“I’ll throw it on my Twitter page every now and then,” he said. “The idea is to share that with your family and friends, and keep up the social pressure to reach your goals.”

Banks might want their own version of it, Cohen said, because it gets them into social media, a world that’s been difficult for financial institutions.

Instead of just tweeting about their earnings or their latest charitable giving using Social Money, banks can get connected to consumers via Twitter and Facebook.

“They’re collecting a lot of information that I give voluntarily,” Cohen said. “I give a lot of information to Social Money about what I’m doing.”

Banks can track their customers better and offer financial products to them when it makes sense for the customer. They can also make deals with merchants based on what consumers are saving for, and tailor advertising to them.

“This attracts non-banks who want to partner with Social Money, who say ‘We want to know what people are saving for,’ ” Cohen said.

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(ORIGINAL ARTICLE HERE)

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Wiping Out $90,000 in Student Loans in 7 Months

Wiping Out $90,000 in Student Loans in 7 Months

By Josh Mitchell | The Wall Street Journal – Fri, May 18, 2012 3:42 PM
(See article here)

Economists are increasingly worried that many young Americans will spend coming years buried under student debt. Joe Mihalic was determined not to be one of them.

Faced with $90,000 in student debt from his days at Harvard Business School, Mihalic vowed last August to eliminate every penny by this summer. He did — three months early.

Courtesy: Joe Mihalic

The 29-year-old from Austin, Texas, is now becoming an Internet celebrity of sorts as financial advisers and young Americans link to his blog, NoMoreHarvardDebt.com, which had 180,000 hits as of Thursday morning. His story is touching a nerve at a time when young Americans are more indebted than ever.

So how did he cut through $90,000 in seven months? It helps to have a low-six-figure salary, as Mihalic does working for Dell Inc. But he also recommends getting roommates, a second job (in his case, landscaping), forgoing all restaurant dining (even McDonald’s), selling all unnecessary items around the house — and getting a flask.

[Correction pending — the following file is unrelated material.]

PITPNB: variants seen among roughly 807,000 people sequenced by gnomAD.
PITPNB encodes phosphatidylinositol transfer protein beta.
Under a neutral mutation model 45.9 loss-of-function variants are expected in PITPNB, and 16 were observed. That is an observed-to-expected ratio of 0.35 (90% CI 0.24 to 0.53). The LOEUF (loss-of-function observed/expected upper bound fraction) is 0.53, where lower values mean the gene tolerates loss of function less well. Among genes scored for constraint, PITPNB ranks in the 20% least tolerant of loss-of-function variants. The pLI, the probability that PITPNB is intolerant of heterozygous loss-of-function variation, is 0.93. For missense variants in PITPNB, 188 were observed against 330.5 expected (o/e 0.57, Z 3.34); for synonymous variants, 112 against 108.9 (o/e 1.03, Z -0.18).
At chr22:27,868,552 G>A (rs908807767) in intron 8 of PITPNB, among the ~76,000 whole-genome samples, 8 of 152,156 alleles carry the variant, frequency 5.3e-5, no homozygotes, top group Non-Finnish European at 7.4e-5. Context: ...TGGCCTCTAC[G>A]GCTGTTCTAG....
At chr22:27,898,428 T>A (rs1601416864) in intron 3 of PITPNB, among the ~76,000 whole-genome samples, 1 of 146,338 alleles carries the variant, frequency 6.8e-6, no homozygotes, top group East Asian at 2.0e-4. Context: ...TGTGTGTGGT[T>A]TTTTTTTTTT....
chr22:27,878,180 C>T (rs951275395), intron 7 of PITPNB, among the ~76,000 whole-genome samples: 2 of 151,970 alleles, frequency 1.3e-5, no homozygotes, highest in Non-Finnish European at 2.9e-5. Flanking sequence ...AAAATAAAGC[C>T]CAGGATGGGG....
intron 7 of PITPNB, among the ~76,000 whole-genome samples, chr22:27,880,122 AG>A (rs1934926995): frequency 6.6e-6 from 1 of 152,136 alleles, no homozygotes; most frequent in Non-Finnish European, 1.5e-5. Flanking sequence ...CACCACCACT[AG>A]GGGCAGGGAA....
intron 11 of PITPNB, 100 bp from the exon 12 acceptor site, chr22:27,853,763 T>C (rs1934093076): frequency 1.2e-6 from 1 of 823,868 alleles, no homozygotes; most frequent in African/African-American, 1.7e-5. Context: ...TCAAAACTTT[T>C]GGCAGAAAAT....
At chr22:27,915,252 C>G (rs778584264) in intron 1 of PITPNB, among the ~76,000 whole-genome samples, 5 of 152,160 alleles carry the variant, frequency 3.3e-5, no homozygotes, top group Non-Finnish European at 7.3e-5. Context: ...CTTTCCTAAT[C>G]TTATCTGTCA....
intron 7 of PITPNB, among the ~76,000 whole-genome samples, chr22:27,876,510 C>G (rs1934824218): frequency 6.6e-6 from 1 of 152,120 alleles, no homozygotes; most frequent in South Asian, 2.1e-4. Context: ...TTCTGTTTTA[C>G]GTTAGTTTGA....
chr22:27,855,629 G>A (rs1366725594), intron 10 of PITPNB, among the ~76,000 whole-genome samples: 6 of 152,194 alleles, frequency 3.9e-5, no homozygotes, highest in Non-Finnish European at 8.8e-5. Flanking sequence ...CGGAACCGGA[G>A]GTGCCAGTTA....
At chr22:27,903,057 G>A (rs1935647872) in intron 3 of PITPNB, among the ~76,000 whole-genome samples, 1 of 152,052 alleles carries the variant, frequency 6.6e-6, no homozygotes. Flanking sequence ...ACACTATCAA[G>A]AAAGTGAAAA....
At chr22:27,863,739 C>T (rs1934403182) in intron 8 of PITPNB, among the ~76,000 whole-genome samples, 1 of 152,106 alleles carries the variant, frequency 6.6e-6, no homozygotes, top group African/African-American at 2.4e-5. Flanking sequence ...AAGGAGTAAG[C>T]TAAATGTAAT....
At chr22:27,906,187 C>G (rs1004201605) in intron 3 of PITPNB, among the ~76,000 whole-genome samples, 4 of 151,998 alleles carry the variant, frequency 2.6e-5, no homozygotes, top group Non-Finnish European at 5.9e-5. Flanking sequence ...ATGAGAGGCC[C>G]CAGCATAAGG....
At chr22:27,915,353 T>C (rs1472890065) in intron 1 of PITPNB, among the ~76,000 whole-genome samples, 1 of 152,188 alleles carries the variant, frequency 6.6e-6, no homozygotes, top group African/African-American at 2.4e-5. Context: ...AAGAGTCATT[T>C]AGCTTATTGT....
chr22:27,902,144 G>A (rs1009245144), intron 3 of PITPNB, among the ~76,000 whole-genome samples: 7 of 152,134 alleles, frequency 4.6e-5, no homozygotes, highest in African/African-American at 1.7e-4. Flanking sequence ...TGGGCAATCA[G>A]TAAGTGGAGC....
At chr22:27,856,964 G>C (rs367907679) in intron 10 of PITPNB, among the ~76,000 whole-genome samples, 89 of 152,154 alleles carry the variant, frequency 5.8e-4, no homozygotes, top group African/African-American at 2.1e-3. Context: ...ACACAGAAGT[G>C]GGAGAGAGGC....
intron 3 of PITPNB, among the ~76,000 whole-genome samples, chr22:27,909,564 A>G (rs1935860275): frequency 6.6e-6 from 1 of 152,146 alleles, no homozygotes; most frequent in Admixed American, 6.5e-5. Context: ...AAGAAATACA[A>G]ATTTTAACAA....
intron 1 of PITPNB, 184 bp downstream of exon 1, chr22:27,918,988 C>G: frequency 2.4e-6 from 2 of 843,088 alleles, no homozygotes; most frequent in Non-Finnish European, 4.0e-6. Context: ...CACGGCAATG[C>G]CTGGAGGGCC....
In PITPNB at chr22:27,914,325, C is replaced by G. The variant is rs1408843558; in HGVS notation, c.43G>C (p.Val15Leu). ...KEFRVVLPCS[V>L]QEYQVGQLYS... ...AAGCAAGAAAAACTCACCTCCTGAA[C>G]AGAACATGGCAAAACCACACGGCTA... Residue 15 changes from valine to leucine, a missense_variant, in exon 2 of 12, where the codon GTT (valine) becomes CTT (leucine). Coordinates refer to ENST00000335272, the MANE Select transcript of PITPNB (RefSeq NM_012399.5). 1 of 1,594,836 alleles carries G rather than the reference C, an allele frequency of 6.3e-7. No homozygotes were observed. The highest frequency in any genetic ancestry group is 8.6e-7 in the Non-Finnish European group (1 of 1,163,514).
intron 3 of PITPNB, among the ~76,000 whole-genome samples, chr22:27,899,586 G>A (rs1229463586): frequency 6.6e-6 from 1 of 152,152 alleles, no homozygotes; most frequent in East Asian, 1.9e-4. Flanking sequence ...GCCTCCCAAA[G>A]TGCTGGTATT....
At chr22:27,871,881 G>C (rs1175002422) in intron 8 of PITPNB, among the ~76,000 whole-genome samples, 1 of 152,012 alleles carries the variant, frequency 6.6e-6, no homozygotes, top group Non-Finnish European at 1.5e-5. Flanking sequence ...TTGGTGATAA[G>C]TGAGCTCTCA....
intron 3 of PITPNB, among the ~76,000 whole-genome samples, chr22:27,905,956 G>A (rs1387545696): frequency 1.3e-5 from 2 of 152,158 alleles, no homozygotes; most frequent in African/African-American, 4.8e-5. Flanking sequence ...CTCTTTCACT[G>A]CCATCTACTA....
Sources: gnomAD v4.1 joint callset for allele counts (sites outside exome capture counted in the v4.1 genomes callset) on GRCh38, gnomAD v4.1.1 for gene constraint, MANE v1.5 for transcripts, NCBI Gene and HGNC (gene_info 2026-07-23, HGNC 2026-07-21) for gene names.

Mihalic said he spent months taking a flask of liquor to bars so he could continue to go out drinking with friends without running up a tab. (Be warned: this is typically illegal.) Instead of the movies, he took dates out hiking, or for bagels and coffee. He ate protein bars packed from home and walked several miles to the city, to save a few bucks on transportation, during a trip to Michigan. He got two roommates to rent out his house.

Mihalic also took steps that financial advisers typically say are a no-no: He liquidated his individual retirement account, drawing a tax penalty, and stopped contributing to his 401(k), even though his employer offers a matching contribution.

“My mentality was I want to be done with these student loans as quick as possible,” Mr. Mihalic says in a phone interview, adding: “It was an emotional decision.”

He made his last student-debt payment six weeks ago. He said he saved roughly $40,000 in interest that he would have paid had he stayed on the 15-year schedule for repayment of his loans.

He says he learned other lessons, too.

“The flask thing, it’s kind of demeaning,” he says. “The funny thing is that girls weren’t really sketched out by it…They did laugh, and I could still get their phone number. It taught me a lot — you don’t have to be this flashy dude, buying drinks.”

(This article originally appeared in the Wall Street Journal  – Fri, May 18, 2012)